Most of all, I think, it is the people, people who come together to laugh and celebrate family, heritage and culture. I like to see parents pushing babies in strollers, children dancing with excitement, grey haired men and women smiling at private memories, and lovers lounging on the grass beside the reflection pool.

God loves people, and he must like laughter. If the laughter of our children thrills us, how much more does our laughter thrill Him. God likes to see people coming together to enjoy one another. That may be why Jesus performed his first miracle at a wedding feast, providing new wine when the wine ran out. It may be the reason His teaching is filled with references to banquet feasts and parties, like the fatted calf killed and cooked to celebrate the prodigal’s return. Heaven is described as a great banquet feast, a mansion with many rooms, a place where all the peoples, cultures and languages of the world gather in celebration and joy.

The State Fair, of course, isn’t heaven. It certainly isn’t perfect. But Heaven is. Our moments of celebration and enjoyment are dim glimpses of what God has prepared in Heaven. The Bible says, “And I heard a loud voice from the throne saying, ‘Now the dwelling of God is with men, and he will live with them. They will be his people, and God himself will be with them and be their God. He will wipe every tear from their eyes. There will be no more death or mourning or crying or pain, for the old order of things has passed away.’” (Rev. 21:3-4). This, of course, is why Jesus came, so that we might experience glimpses of heaven here, and eternal life with Him in Heaven when we die.

Winning the War on Terror 9-30-2009

The failed attempt to bomb Fountain Place in Dallas last week brought back visions of the twin towers in New York. It also brought the war on terror closer to home, a stark reminder that we live in a different world since September 11, 2001. A year after 9-11, my wife and I visited ground zero in New York, stood in silence and pondered what happened there. Ground zero has become a pivot point in history. It is sobering to realize that there are now children in the second and third grades who were born after 9-11. They have never known any other world.

For every generation there are a few dates and places that stand as markers, places where the world as we knew it was altered. For my generation it was the assassination of JFK at Dealey Plaza, Neal Armstrong’s first step on the moon, Watergate, and 9-11. For my parents’ generation it was the Great Depression, Pearl Harbor, D Day, Hiroshima and Nagasaki..

When the Twin Towers collapsed on September 11, 2001, all our old securities collapsed with them. Prior to that moment, we lived with a sense that we were protected from the dangers and atrocities that plagued the rest of the world. All of our wars since the Civil War were fought on foreign soil, thousands of miles away. We watched images of Vietnam and Desert Storm, but they were distant places that did not threaten our neighborhoods or our work place. With 9-11, the security of two oceans that protected us from the enemy vanished. The whole idea of a “star wars” protective shield from missile attack became obsolete. Our world became far more dangerous than we had ever known it.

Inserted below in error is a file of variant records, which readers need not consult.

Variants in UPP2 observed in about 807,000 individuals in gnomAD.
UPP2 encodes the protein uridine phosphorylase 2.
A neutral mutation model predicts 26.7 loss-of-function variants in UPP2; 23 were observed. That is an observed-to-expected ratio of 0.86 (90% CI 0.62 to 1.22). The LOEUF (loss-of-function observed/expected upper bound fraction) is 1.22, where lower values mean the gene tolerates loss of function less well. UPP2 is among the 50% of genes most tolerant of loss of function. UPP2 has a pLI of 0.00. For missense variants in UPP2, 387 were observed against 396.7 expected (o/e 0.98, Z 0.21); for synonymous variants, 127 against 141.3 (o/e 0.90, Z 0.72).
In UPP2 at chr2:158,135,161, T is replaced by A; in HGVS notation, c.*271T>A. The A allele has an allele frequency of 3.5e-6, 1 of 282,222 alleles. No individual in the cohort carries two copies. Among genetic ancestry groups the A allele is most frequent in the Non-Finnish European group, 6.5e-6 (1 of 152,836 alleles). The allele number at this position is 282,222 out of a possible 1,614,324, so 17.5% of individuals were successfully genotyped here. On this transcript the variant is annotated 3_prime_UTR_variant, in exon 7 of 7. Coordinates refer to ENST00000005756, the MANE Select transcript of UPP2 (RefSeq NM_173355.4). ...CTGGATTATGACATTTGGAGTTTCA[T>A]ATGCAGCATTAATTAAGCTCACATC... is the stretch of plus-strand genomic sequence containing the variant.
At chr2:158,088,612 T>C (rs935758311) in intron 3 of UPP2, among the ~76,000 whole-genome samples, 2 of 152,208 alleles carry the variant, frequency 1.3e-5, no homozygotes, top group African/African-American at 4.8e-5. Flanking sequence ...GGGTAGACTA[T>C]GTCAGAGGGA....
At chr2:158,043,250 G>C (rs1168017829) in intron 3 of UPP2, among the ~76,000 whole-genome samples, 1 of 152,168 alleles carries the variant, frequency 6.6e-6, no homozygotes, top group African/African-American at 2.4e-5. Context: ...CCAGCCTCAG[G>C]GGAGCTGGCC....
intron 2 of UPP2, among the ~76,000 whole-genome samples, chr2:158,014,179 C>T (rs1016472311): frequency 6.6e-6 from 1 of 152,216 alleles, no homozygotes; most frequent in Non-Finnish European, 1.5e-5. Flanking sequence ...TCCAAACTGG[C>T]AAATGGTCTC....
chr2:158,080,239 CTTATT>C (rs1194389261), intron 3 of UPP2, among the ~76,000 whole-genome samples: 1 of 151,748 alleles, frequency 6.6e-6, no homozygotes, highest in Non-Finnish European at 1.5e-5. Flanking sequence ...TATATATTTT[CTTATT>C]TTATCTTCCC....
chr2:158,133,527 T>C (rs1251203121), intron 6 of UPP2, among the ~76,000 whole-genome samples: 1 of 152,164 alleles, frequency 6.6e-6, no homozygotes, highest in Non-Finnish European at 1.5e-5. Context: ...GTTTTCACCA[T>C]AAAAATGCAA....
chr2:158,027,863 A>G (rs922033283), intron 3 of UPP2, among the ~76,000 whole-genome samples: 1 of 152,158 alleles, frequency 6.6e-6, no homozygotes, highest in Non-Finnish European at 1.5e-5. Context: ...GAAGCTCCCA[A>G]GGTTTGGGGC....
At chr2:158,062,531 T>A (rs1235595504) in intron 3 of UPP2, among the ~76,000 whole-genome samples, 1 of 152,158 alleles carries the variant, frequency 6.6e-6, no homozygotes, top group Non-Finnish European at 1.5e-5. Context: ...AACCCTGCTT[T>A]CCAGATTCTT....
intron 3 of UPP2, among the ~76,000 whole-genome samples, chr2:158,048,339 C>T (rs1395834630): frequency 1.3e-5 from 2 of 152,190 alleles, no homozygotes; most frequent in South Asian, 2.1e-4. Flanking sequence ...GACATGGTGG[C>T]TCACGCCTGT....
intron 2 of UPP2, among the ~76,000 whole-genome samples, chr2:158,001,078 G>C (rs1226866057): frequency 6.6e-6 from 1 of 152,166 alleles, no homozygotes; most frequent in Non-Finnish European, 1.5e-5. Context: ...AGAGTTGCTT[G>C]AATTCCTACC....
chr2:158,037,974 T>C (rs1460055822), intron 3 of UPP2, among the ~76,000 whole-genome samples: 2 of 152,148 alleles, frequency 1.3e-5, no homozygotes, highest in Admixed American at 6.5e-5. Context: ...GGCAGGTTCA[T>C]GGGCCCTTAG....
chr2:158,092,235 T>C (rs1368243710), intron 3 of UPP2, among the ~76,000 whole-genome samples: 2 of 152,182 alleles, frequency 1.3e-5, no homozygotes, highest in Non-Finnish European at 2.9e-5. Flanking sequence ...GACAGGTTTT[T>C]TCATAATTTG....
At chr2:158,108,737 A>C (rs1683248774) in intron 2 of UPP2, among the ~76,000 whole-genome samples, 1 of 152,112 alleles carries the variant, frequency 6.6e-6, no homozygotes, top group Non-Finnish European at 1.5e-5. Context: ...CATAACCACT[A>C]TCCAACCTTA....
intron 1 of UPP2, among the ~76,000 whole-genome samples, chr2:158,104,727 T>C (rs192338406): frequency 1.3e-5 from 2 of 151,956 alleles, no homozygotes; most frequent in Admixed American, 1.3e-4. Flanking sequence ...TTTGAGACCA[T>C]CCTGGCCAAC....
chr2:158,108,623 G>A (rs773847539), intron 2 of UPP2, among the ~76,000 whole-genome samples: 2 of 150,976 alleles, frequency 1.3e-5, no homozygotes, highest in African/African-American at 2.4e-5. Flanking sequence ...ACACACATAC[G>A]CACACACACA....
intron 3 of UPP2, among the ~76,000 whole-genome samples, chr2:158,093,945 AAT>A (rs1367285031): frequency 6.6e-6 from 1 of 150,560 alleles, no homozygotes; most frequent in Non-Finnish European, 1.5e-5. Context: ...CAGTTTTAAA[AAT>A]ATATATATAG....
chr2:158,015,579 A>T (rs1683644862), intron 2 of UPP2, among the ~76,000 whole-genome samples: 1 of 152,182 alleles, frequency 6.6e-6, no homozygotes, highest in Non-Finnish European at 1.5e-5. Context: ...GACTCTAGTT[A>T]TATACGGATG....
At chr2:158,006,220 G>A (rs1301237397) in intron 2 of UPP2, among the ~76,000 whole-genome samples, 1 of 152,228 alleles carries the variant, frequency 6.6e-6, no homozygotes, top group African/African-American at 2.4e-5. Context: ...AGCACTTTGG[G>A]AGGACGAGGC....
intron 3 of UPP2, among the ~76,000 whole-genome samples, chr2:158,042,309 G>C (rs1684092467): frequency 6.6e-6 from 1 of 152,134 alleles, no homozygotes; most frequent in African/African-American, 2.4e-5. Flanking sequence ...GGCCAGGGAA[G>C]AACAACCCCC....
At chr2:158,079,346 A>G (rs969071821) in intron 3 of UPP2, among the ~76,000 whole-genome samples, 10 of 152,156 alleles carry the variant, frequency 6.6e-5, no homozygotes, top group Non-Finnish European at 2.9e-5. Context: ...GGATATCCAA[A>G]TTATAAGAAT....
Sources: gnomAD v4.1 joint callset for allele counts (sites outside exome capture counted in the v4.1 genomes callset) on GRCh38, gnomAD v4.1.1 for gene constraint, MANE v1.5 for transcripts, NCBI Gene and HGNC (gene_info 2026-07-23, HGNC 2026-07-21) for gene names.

Every generation has lived with the threat of war, injustice and terror. When Jesus was born at Bethlehem Herod’s henchmen ransacked the city stripping infants from the arms of wailing mothers, dashing their sons to death upon the stones (Matthew 2:16-18). Jesus’ death by crucifixion was an act of terror. The Roman army created crucifixion as a gruesome public torture to strike fear and terror into the hearts of its citizens. Under Nero, Christians were burned upon crosses where they were crucified in the streets of Rome..

The resurrection of Jesus broke the grip of terror because it broke the grip of death. Early believers knew they were going to heaven through faith in Jesus Christ. Even Nero’s attempts to strike terror into their hearts could not stamp them out. Faith in Jesus Christ prevailed until three centuries later it permeated the Roman Empire.

The war on terror is ultimately won or lost in our own hearts. When we live in fear, terrorism wins. When we live with confidence and faith, it is defeated. Jesus said, “In this world you will have terror (tribulation), but be of good courage, I have overcome the world.” (John 16:33).

Dog Theology 9-23-2009

Last week I introduced my dog, Buddy, to you. I thought that this week, I would let you in on a few other things Buddy is teaching me. It could be called “dog theology.” It might sound strange, even sacrilegious to a few, but Bob Sjogren and Gerald Robison have developed whole seminars and books around “cat and dog theology.” (www.catndogtheology.com). Put simply, cats say, “You feed me, shelter me and care for me. I must be god.” Dogs say, “You feed me, shelter me and care for me. You must be god.” If you have ever had a cat and a dog you know what I mean. Cat theology is me-centered. “What can God do for me?” Dog theology is God centered. Here are a few things I am learning about “dog theology” from Buddy.